Larry T. from the Excelsior asks this week’s question:
Q: “I work at an airport baggage handling operation in the Bay Area. It’s a tough job and there is a lot of trash talk that goes around. One of my bosses tells me I have a pretty mouth and makes sexual comments to me all the time about how he wants to “do me” and is always trying to grab me when I go by. Everyone laughs at me. I’m straight and he is married to a woman. I tell him to stop, but he just keeps on day after day because he knows it bothers me. I don’t even want to go to work anymore. I complained to my rep, but she said that it wasn’t sexual harassment because we are both guys. What are my rights?”
A: Sexual harassment used to be defined as either quid pro quo sexual harassment or hostile-environment harassment. Quid pro quo harassment is characterized as being transactional in nature such as you give me sexual favors and I will give you a promotion, better hours, etc. Hostile-environment sexual harassment has the following characteristics: Being subject to conduct on the basis of sex that is unwanted, the conduct is so severe or pervasive it interferes with the employee’s work environment, a similarly situated employee would consider the environment to be sexually charged or hostile and someone in the line of authority above the employee is engaging in the conduct or the employer knew, or should have known of the conduct, and didn’t take action to stop it.
For conduct to be considered unlawful sexual harassment, it must be severe or pervasive. Generally, a single comment or stray remarks will not arise to the level of pervasiveness but a single act, such as a sexual assault, may be considered severe enough that it may be considered sufficient enough to constitute unlawful harassment.
Under the law an employer is supposed to not only take steps to prevent discrimination and harassment, if they know or suspect unlawful harassment is occurring they have an obligation to take prompt and sufficient remedial measures to put a stop to it.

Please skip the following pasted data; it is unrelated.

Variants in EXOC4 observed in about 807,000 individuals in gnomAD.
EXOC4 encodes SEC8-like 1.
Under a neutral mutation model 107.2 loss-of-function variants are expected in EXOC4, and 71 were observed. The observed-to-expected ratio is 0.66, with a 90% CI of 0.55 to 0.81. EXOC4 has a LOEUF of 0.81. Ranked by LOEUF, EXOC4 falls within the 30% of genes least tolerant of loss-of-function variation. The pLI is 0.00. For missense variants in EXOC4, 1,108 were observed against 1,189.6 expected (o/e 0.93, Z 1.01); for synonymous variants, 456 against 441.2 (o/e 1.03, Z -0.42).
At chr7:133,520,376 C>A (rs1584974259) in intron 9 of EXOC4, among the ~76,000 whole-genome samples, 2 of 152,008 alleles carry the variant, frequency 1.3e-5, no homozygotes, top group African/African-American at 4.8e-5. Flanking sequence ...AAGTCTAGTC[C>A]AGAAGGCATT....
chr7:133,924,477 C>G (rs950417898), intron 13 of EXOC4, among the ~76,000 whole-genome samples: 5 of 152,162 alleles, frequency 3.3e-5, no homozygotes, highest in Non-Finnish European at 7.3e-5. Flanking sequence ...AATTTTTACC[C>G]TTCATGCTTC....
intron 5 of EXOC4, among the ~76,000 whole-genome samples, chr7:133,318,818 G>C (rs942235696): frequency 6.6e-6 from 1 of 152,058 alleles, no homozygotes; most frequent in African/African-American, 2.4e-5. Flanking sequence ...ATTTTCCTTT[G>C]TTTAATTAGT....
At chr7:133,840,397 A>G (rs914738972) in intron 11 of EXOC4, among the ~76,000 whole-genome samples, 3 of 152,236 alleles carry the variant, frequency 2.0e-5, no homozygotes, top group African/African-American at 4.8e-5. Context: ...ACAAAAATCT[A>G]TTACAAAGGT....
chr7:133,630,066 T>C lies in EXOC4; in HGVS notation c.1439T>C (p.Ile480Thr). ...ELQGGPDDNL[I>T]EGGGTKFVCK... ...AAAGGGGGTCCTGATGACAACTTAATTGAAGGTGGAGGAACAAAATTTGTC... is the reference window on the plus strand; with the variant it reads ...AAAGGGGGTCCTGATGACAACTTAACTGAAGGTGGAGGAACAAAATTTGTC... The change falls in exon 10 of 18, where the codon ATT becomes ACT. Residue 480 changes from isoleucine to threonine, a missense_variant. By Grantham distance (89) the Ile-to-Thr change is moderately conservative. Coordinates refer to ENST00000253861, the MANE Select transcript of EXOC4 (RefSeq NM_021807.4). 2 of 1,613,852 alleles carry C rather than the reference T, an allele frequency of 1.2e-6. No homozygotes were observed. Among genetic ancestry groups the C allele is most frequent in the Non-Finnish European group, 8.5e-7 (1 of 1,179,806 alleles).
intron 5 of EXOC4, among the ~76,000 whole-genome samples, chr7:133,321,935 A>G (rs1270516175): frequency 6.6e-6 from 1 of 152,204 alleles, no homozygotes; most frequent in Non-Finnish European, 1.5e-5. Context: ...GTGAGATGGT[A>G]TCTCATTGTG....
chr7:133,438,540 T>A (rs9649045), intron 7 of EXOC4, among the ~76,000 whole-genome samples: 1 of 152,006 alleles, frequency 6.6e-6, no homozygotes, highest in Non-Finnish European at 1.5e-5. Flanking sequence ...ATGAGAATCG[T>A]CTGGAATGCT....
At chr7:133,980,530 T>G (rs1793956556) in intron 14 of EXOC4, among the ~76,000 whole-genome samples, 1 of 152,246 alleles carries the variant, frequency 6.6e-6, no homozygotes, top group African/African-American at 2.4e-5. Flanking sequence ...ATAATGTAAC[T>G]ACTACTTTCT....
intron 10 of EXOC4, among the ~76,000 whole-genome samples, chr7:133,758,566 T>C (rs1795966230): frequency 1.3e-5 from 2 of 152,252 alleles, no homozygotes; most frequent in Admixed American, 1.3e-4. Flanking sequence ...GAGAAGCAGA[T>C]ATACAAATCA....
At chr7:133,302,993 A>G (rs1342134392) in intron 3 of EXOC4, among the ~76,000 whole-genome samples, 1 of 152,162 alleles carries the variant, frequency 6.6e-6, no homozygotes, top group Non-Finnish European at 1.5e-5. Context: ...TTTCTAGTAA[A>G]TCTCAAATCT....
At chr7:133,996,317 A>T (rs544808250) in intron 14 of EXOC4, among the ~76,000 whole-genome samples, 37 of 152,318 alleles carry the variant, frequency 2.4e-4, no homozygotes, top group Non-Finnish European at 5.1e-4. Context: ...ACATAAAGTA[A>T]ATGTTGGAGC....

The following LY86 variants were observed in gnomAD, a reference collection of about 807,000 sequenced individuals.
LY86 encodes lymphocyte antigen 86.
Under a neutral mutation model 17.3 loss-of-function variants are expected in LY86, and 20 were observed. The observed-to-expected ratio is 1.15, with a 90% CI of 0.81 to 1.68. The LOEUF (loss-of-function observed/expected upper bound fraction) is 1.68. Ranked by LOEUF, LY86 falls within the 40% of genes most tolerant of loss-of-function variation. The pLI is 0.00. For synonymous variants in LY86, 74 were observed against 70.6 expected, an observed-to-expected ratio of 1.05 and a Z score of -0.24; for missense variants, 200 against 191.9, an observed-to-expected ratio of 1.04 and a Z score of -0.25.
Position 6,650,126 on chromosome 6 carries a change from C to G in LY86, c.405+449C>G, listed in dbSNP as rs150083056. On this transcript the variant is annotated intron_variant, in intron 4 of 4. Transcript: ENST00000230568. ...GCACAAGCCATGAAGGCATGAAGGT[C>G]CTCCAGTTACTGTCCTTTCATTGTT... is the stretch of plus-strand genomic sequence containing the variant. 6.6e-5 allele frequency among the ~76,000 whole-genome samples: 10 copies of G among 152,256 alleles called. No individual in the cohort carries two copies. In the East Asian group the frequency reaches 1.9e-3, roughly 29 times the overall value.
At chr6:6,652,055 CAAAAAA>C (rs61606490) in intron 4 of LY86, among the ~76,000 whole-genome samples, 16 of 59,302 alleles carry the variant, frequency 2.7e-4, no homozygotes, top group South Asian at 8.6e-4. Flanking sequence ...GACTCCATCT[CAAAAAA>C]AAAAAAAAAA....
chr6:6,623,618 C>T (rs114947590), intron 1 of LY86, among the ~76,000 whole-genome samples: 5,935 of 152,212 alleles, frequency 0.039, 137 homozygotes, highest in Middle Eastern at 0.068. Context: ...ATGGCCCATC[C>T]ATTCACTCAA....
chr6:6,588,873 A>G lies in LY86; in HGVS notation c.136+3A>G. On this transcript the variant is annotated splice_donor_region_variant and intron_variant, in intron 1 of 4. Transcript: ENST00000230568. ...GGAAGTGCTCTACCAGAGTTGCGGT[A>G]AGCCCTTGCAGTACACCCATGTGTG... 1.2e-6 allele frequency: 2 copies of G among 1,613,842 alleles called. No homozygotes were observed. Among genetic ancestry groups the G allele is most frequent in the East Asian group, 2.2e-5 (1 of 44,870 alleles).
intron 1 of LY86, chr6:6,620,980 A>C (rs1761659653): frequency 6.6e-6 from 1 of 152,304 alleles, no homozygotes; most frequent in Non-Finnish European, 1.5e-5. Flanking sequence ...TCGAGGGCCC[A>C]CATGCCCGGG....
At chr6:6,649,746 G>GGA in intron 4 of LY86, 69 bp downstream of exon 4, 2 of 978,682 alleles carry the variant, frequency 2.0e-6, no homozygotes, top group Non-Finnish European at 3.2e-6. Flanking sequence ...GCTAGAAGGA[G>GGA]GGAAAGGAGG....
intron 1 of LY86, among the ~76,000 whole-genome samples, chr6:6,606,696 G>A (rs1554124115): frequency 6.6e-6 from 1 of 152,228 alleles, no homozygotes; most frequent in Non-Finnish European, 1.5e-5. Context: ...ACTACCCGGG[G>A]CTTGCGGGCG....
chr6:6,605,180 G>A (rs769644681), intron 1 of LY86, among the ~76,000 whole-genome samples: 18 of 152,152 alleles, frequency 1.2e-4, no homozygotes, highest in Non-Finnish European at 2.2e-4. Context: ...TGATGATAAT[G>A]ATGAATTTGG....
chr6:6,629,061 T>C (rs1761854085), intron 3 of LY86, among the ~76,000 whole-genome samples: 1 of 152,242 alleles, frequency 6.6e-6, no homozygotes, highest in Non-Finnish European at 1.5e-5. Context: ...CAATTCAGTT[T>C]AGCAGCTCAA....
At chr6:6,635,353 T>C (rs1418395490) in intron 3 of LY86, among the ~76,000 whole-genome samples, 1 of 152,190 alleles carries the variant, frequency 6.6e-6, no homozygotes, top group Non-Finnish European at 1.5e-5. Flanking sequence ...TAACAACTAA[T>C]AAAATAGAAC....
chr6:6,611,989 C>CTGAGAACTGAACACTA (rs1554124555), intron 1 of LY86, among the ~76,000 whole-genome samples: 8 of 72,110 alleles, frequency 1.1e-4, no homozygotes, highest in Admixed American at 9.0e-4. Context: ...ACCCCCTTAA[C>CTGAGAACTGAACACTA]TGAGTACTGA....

For years, those of us who do this kind of civil-rights work understood that sexual harassment was based on sexually charged conduct whether it was between those of the same or opposite sex. I have handled many cases of this type and it has always been my position that sexual attraction was irrelevant. The proper inquiry was whether the conduct was sexual and unwanted. My firm has handled dozens of cases wherein the harassment was demeaning and emasculating where sexual interest was not a motivating factor.
In 2011, there was a case with many of the same characteristics as yours where a male supervisor, not sexually interested in his male subordinate, made highly offensive sexual comments, such as he wanted to sodomize him, rape him and that he belonged on his knees, etc.
Unbelievably, a California appeals court ruled that the conduct, although vile, threatening and offensive, was not unlawful sexual harassment because the victim could not prove that the harasser was acting with a “genuine sexual interest.” This was a major step backward applying outdated concepts of what makes sex-based conduct unlawful.
This decision prompted the California Employment Lawyer’s Association, a group of plaintiffs’ attorneys who practice employment law, to approach Democratic state Sen. Ellen Corbett, who represents the East Bay and parts of Santa Clara County, to remedy this injustice. In 2013, Corbett introduced Senate Bill 292, designed to clarify the law and overturn the 2011 decision. The law passed and became effective Jan. 1. It states that, “with respect to an employment-related sexual harassment claim made under the Fair Employment and Housing Act, sexually harassing conduct need not be motivated by sexual desire.”
So Larry, whether or not your boss actually has any sexual attraction or interest in you is irrelevant. If his conduct is sexually charged and severe or pervasive, which it appears to be, then it is legally actionable. Report it to your human resources department and contact a trial lawyer to assist you in handling your case.
Christopher B. Dolan is owner of the Dolan Law Firm. Email questions to email@example.com.